# Strange error concerning integration by parts

First, this is not homework; I just decided to try a classic integral in a non-standard way and came out with a strange result.

The integral $I:=\int\frac{dx}{x\ln x}$ is well-known to equal $\ln\ln x + C$, and the result is easily obtained with the substitution $u = \ln x$. I tried the alternate method of integration by parts:

$$I=\int\frac{dx}{x\ln x} = \int\frac{1}{\ln x}\frac{dx}{x}$$

Integrating by parts with $u = \frac{1}{\ln x} \implies du = -\frac{dx}{x\ln^2 x}$ and $dv = \frac{dx}{x} \implies v = \ln x$ gives:

$$\int\frac{1}{\ln x}\frac{dx}{x} = \frac{\ln x}{\ln x} - \int \ln x(-\frac{dx}{x\ln^2 x}) = 1 + \int\frac{dx}{x\ln x} = 1 + I$$

This leads to $I=1+I$. Since this is clearly wrong, I'm going to assume I've made a stupid arithmetic mistake somewhere down the line; but after trying it twice I came to this same barrier. What have I done wrong?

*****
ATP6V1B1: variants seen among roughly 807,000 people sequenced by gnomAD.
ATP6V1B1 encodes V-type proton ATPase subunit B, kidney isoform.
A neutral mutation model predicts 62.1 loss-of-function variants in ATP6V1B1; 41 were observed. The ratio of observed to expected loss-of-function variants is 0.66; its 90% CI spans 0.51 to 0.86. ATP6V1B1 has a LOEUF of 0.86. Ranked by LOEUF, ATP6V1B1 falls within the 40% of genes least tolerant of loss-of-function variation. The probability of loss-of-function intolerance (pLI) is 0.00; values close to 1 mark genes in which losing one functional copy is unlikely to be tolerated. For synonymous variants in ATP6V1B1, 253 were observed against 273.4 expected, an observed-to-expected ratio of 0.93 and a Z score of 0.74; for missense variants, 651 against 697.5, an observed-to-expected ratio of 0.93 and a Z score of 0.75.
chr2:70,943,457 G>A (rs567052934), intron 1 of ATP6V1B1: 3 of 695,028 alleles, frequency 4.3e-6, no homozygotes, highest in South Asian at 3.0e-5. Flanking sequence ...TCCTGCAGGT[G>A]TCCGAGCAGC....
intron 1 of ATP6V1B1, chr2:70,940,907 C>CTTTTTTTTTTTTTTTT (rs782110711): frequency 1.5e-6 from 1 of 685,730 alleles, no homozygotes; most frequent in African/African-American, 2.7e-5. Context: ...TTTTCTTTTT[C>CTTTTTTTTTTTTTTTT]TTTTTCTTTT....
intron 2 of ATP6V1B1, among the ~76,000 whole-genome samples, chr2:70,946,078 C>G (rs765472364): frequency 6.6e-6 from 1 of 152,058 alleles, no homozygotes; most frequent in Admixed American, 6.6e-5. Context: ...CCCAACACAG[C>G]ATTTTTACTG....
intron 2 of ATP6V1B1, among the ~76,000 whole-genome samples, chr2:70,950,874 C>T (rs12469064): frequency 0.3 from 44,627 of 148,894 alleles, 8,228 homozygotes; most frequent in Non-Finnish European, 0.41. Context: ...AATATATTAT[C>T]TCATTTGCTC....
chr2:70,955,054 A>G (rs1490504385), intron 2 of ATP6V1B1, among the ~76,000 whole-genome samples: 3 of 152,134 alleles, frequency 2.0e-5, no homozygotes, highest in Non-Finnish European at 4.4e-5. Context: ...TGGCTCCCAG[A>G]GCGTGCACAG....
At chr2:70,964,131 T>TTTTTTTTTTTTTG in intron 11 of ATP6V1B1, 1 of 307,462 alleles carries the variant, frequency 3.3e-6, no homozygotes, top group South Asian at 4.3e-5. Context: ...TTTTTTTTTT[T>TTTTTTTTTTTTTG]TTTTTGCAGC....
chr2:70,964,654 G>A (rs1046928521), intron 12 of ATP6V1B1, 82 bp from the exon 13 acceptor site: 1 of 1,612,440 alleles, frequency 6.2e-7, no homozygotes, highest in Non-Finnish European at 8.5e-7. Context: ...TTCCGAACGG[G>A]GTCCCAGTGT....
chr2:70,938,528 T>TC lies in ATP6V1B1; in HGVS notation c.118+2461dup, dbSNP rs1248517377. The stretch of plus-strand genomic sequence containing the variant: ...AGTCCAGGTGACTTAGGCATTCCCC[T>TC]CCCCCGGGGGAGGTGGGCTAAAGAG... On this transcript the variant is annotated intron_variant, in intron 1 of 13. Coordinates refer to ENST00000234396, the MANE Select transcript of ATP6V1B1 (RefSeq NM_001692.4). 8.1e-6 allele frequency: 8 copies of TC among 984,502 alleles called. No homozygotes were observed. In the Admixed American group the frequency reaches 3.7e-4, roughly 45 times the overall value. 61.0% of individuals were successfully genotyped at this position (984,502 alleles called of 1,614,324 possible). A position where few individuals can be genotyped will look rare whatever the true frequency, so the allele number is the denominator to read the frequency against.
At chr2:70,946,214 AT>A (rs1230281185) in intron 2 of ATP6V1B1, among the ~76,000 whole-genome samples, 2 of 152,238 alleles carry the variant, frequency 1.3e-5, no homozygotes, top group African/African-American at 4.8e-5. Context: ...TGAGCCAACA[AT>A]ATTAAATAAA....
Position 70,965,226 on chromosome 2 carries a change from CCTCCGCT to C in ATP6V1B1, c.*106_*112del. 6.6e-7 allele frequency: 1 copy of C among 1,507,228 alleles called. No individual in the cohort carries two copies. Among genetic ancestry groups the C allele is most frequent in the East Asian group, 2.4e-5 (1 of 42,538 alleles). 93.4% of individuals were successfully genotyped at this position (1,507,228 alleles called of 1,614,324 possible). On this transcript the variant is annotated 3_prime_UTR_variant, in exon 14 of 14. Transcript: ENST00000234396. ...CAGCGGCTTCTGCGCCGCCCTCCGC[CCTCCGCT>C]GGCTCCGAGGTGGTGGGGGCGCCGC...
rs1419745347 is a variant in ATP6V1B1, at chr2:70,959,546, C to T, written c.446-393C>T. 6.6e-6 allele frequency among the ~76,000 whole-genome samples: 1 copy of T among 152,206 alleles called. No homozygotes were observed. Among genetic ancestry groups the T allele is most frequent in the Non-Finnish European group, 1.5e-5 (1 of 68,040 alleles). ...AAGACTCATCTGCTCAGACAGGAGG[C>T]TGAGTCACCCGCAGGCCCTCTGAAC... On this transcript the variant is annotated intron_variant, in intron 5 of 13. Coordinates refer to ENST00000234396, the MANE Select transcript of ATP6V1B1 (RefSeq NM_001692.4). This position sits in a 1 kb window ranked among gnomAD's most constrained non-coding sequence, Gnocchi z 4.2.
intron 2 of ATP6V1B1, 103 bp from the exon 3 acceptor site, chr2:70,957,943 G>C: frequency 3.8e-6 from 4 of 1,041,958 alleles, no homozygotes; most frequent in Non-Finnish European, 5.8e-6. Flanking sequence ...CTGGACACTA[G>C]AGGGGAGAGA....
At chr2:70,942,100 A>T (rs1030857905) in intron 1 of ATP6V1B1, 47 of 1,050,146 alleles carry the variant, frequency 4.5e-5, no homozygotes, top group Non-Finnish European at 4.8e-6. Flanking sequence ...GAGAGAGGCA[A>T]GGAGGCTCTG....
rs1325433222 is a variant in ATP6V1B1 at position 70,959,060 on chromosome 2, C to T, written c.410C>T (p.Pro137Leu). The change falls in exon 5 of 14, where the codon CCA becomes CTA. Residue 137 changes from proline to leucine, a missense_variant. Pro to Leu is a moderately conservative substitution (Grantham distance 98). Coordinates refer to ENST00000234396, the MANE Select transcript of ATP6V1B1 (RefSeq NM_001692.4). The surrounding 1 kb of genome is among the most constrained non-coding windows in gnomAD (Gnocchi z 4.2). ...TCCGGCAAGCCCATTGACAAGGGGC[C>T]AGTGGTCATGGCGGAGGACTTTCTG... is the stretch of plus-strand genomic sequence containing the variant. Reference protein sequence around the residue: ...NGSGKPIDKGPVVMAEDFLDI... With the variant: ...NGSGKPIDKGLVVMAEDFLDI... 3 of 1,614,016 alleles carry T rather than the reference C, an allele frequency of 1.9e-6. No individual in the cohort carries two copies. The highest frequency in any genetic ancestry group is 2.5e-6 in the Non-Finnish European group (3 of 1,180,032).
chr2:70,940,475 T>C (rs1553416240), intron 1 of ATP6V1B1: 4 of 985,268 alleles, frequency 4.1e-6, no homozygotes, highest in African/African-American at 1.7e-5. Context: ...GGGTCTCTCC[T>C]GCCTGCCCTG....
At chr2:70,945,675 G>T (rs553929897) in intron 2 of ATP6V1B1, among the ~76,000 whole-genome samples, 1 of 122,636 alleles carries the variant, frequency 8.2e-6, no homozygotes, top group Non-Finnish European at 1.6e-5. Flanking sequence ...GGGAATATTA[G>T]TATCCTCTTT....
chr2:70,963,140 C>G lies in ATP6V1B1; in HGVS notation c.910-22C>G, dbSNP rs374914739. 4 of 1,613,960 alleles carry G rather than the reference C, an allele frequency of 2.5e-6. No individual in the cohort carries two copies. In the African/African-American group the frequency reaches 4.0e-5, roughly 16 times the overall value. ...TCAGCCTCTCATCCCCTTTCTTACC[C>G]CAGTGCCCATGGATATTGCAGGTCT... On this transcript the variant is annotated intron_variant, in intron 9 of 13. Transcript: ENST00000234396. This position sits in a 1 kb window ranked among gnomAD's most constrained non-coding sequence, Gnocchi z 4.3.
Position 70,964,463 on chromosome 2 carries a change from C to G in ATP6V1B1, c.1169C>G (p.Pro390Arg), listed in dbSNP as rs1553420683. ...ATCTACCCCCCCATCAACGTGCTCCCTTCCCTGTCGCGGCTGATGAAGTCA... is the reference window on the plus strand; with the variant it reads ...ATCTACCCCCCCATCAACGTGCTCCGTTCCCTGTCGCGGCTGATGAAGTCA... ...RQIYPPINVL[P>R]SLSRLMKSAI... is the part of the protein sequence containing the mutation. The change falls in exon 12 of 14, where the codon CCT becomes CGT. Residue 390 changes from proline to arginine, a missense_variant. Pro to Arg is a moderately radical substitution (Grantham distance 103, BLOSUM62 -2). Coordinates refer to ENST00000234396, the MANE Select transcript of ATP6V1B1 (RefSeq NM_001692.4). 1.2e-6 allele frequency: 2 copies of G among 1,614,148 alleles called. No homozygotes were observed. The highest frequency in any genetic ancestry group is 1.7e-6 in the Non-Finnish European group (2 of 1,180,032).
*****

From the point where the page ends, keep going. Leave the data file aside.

• Hint: Constant of integration! Jun 29 '14 at 21:59

## 1 Answer

Nothing; remember that that antiderivatives always have that arbitrary constant $+C$ at the end.

• ...oh. I didn't actually gain any information about the primitive from that, did I? I see. Jun 29 '14 at 22:01
• Nope, none whatsoever. Like so many other things in math, what you've done is absolute Gospel truth, but utterly useless :)
– user61527
Jun 29 '14 at 22:02